Despite being the first album since the departure of guitarist Bernard Butler, his replacement Richard Oakes immediately proved himself to be a great addition to the group, and 'Coming Up' was the album that introduced Suede to a worldwide audience, in places such as Europe, Canada and Asia. The album went to number 1 in the UK charts, and sold over a million copies. It also spawned FIVE Top 10 hit singles, including the glorious rush of 'Lazy', a single which reached number 9 when it was released as a single the following year.

A special 20th anniversary deluxe edition of 'Coming Up' is available now.

Sunday, 25 September 2016

Track Of The Day: Dodgy - 'What Are We Fighting For?'

The brilliant Dodgy recently returned with their fifth studio album 'What Are We Fighting For?', a superb LP that confirms their status as perhaps the only 90s band to have improved with every single record. Frontman Nigel Clark did an excellent job of producing the record himself, while the songs draw from a wider range of influences, making for a more multi-faceted album than their previous LP.

Closing the album, this glorious title track delivers a message of hope, love and positivity set to the backdrop of a sublime musical sunset. A true pinnacle.

RW/FF reviewed the album recently, stating that "the musical references may mostly be rooted in the past, but this band present them all in timeless, transcending fashion. Dodgy have put their hearts and souls into this beautifully sincere record, and have pulled off their greatest trick yet. The most consistent and accomplished work of their career." Read the rest of that review HERE. Dodgy will be touring all over the UK at the moment, with lots more gigs to follow in October, November and December. 

REWIND: Babybird - 'Goodnight'

More wonderful music from 1996 as RW/FF takes you aboard a musical TARDIS on a journey through musical history. If you weren't around or were too young to remember the mid 90s,it's a lesson of enlightenment. If you (like me) were lucky enough to experience it all first time around, then these posts make a fine nostalgic blast from the blast.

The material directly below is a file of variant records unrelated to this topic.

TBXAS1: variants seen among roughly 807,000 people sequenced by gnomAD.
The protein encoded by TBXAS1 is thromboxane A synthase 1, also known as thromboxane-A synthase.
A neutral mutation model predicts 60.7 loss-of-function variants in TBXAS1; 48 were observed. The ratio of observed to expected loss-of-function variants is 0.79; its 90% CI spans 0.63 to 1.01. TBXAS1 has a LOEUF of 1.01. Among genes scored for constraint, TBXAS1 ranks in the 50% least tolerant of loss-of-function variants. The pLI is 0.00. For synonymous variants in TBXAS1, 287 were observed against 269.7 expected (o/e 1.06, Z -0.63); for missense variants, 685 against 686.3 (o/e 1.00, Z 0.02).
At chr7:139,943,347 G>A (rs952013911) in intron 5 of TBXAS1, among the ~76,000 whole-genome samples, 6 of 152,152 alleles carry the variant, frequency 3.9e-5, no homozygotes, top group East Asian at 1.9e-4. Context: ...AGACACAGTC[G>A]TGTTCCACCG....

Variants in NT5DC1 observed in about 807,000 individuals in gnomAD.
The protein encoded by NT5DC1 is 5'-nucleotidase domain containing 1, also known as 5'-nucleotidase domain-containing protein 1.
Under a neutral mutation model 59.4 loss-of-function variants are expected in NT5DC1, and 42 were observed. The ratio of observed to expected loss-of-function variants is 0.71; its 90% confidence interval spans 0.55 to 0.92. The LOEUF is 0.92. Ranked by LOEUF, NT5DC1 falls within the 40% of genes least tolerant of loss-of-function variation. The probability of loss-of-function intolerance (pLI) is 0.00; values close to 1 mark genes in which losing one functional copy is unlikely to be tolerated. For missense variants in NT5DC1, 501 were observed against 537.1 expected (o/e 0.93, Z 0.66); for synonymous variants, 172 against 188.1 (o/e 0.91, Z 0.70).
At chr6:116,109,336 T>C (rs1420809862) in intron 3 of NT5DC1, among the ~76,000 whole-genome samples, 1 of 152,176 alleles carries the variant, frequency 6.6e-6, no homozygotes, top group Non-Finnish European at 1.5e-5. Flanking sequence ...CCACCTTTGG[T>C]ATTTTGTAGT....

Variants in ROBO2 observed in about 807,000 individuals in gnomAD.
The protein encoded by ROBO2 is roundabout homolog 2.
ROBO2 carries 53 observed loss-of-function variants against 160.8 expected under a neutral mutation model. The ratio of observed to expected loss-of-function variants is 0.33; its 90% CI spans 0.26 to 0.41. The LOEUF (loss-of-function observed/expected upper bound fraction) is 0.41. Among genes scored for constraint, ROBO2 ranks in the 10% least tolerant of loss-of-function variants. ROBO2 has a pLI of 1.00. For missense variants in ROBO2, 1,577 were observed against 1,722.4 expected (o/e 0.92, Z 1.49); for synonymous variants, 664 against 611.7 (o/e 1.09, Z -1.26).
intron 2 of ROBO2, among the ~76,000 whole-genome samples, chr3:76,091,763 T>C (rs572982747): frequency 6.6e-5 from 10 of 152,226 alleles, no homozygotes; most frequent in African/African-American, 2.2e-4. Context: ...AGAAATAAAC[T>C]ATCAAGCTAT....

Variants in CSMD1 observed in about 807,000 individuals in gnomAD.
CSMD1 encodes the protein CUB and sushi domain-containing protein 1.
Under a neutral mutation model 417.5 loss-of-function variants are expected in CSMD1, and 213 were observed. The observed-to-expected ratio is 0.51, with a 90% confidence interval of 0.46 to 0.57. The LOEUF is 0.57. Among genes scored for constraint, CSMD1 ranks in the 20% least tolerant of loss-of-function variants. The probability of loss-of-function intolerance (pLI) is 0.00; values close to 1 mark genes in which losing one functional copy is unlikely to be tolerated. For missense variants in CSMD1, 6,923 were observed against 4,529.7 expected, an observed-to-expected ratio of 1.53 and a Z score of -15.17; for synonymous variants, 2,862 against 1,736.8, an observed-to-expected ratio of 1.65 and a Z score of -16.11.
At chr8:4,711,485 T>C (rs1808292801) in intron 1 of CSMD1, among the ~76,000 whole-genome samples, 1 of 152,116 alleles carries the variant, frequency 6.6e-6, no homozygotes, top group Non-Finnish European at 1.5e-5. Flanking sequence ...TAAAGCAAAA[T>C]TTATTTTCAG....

The massively underrated Babybird were fronted by Stephen Jones, who previously used the slightly different Baby Bird as an alias for his lo-fi solo recordings. After releasing a number of these self-produced albums, he formed a band in order to tour and promote this work. The wonderfully melodic 'Goodnight'  was the group's first single, and reached number 28 in the UK charts. It was included on the debut album 'Ugly Beautiful', an LP that was released the same year. Babybird split in 2000 dropped from their record label in 2000 after their third album, Bugged, had poor sales. The band then split, before reforming again in 2005. After releasing 3 more studio albums, Babybird dissolved again in 2013. Stephen Jones has been highly prolific ever since, releasing huge amounts of new material via his Bandcamp page under a number of different aliases. The 2014 album 'Ambition Expired' is especially recommended. Interestingly he also appears to have recently resurrected Babybird as a solo project. His Bandcamp page can be found HERE